Swimmer, you're not clear on what the end game is here. If you are only trying to save the frame to make a car trailer out of it, then @bobsyouruncle has the best idea. Leave the junk at the dump and bring home the part you're working on.

IF you want to surgically disassemble the trailer and save the salvageable components you will need to build a shelter to keep it dry in the process.

This is what I built to keep the camper dry ofr the 4 months it took to rebuild it. Before you laugh at the design, it survived Isaias....

[image]
[image]
[image]


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BobsYourUncle

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Posted: 10/20/20 07:34pm Link  |  Quote  |  Print  |  Notify Moderator

BurbMan wrote:

Before you laugh at the design, it survived Isaias....
That's very clever!!
I should have thought of something like that when I rebuilt my old Citation in my driveway. I had a tarp over mine but had to wait until no rain to work on it, and cover it up every day when done.
Nice!


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swimmer_spe

Sudbury, Ontario, Canada

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Posted: 10/20/20 08:08pm Link  |  Quote  |  Print  |  Notify Moderator

BurbMan wrote:

Swimmer, you're not clear on what the end game is here. If you are only trying to save the frame to make a car trailer out of it, then @bobsyouruncle has the best idea. Leave the junk at the dump and bring home the part you're working on.

IF you want to surgically disassemble the trailer and save the salvageable components you will need to build a shelter to keep it dry in the process.

This is what I built to keep the camper dry ofr the 4 months it took to rebuild it. Before you laugh at the design, it survived Isaias....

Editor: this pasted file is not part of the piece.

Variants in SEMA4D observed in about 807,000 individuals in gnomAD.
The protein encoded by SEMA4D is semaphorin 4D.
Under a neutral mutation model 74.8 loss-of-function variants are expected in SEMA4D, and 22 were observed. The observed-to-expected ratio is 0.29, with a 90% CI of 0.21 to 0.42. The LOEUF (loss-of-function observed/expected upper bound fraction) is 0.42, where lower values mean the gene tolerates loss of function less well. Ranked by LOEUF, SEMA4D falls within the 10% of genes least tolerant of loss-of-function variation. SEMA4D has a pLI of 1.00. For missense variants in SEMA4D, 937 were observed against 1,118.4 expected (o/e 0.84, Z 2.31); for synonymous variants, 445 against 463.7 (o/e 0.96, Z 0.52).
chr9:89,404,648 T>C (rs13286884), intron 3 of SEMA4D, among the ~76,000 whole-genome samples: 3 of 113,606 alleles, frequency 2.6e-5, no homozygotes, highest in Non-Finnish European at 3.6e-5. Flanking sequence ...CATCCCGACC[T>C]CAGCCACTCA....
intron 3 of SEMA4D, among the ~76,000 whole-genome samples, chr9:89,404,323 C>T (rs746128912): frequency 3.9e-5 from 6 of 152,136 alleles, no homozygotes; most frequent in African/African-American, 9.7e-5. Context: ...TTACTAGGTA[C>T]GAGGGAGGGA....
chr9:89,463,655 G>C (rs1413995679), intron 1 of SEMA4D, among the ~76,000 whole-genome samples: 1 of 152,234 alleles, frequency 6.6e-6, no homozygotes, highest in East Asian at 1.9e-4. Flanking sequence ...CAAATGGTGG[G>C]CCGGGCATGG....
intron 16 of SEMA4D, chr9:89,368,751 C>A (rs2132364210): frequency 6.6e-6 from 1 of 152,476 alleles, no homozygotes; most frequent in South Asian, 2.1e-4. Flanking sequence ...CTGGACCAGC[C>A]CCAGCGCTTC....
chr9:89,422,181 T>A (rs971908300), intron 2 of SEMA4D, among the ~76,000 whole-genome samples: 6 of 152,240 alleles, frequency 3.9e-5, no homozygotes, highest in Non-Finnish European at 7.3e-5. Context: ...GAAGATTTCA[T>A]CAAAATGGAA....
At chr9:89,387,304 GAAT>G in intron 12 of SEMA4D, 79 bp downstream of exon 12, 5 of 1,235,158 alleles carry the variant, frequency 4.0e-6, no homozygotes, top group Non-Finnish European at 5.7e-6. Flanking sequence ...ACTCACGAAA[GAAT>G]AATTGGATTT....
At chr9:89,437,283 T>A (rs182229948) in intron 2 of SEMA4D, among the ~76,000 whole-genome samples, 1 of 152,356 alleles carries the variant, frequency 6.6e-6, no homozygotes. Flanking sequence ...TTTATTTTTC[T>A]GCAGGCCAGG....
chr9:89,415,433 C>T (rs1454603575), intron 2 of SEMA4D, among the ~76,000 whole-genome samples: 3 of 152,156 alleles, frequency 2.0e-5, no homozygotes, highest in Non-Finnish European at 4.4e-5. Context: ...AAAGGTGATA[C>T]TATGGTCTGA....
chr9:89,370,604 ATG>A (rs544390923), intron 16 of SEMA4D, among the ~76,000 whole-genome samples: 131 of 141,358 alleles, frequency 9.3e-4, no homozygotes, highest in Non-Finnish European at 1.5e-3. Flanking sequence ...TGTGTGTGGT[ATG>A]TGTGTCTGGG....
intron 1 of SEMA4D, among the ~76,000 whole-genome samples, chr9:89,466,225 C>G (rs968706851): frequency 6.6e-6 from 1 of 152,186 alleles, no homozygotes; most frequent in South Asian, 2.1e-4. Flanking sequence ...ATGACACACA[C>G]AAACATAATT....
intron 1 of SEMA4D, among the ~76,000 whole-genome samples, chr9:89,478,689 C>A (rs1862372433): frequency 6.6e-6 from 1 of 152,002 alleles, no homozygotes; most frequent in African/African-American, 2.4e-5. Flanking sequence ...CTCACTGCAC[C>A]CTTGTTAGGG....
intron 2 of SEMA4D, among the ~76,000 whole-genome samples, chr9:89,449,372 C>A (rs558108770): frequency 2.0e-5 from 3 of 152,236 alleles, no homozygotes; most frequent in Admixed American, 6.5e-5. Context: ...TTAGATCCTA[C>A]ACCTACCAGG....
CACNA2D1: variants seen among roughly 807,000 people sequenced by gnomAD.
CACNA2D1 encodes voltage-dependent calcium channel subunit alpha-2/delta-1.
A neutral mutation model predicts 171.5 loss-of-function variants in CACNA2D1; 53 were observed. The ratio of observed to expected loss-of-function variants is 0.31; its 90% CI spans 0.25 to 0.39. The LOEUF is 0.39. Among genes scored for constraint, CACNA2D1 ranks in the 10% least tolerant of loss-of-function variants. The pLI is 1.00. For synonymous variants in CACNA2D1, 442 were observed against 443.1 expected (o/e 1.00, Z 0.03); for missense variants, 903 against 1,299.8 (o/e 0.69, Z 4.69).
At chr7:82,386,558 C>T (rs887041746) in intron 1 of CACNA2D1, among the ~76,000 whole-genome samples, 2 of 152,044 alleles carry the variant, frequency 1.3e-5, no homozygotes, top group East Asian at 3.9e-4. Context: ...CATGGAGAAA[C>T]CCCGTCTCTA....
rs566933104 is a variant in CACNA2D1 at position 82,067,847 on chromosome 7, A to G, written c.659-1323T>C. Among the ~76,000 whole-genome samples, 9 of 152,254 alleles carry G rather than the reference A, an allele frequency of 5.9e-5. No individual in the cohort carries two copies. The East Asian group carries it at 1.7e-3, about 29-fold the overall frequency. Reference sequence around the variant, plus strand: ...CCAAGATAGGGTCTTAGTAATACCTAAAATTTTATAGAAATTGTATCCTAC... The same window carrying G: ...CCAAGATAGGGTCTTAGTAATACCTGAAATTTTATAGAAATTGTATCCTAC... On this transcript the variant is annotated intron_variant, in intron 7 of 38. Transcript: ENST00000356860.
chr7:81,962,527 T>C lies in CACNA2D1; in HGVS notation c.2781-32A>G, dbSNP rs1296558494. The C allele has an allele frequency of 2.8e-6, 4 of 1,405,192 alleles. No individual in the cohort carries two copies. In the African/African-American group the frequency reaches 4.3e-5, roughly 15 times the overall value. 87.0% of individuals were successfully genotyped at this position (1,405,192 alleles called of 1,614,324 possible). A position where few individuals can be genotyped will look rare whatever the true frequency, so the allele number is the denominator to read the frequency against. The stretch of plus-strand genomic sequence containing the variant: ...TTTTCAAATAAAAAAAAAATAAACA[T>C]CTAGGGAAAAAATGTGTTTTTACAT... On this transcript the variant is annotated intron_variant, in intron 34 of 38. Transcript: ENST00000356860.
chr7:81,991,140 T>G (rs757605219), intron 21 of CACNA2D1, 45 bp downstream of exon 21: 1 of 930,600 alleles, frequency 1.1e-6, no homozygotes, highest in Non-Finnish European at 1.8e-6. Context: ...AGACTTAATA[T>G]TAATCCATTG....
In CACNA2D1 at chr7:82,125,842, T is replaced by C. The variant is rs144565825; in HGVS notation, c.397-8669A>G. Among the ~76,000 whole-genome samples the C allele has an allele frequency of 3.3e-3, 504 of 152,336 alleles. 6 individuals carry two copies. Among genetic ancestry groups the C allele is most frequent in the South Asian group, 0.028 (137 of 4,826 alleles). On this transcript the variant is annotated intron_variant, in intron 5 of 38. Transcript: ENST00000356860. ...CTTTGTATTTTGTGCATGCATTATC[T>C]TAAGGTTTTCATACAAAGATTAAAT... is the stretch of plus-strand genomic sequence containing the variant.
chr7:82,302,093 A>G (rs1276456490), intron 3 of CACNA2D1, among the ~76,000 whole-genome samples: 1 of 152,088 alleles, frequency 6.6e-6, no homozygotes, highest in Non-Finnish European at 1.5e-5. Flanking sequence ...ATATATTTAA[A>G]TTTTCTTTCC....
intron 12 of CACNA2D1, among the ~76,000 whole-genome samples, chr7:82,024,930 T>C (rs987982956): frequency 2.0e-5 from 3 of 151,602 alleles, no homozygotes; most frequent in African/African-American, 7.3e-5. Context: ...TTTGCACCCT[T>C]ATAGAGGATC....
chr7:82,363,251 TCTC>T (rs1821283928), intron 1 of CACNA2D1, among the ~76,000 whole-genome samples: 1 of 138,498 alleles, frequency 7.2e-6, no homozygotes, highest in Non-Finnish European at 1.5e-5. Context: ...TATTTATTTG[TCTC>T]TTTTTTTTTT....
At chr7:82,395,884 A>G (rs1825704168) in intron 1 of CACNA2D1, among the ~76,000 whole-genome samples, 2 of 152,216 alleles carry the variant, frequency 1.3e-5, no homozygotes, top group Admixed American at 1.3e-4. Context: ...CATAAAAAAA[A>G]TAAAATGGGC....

I cannot afford to just rip it apart at the dump. Locally, that would cost more than the frame is worth.

My goal is to build a flatbed out of the frame and to salvage whatever I can from it. I won't have a large area to work on it, so just dropping it is not the answer.

bucky

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Posted: 10/21/20 03:30am Link  |  Quote  |  Print  |  Notify Moderator

I did what the Op wants to do once. Admittedly I had a little help from a tornado. The tornado picked it up in the storage yard behind the shop and dropped it about 30 feet on it's side.
We pulled it upright with the wrecker and I started with the demo after work. We had a giant dumpster at the shop and the owner was cool with me using it for the debris. I salvaged the AC, water heater, fridge {still worked}, fresh water tank, furnace, and a few misc things.
I was surprised how well built it was. A Jayco 16 footer about a 95 model. I cut and sawed, banged and twisted, and otherwise made everything but the frame and axles go away. I floored it, put lights on it and sold it to a farmer for $600 in 2004 money.
I still have the fresh water tank and use it occasionally. I learned a lot about how they are made in the process, sadly they don't build them like that anymore.


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bpounds

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Posted: 10/23/20 11:24am Link  |  Quote  |  Print  |  Notify Moderator

I also built a utility trailer out of an old travel trailer. In my case it was a tent trailer. I was barely out of short pants at the time.

A trailer, especially one 45 years old, was built piece by piece, and you can take it apart in the same way. In my case I took it apart, piled it up, and used my "new" utility trailer to haul the pile to the dump.

I pulled that thing thousands of miles on dozens of hunting trips over the years. I did a lot of changes to it over the years.

If I knew then what I know now, I might pull the axles and springs out and just build a new frame from scratch. But at the time it was what I had to work with and for decades that trailer was a useful thing to have around.


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pauldub

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Posted: 11/01/20 09:52am Link  |  Quote  |  Print  |  Notify Moderator

You're going to have to add a lot of steel and a lot of labor to make a travel trailer frame into a car hauler. If you really want to build a car hauling trailer, it would be much easier to reuse only the axles and springs from the travel trailer.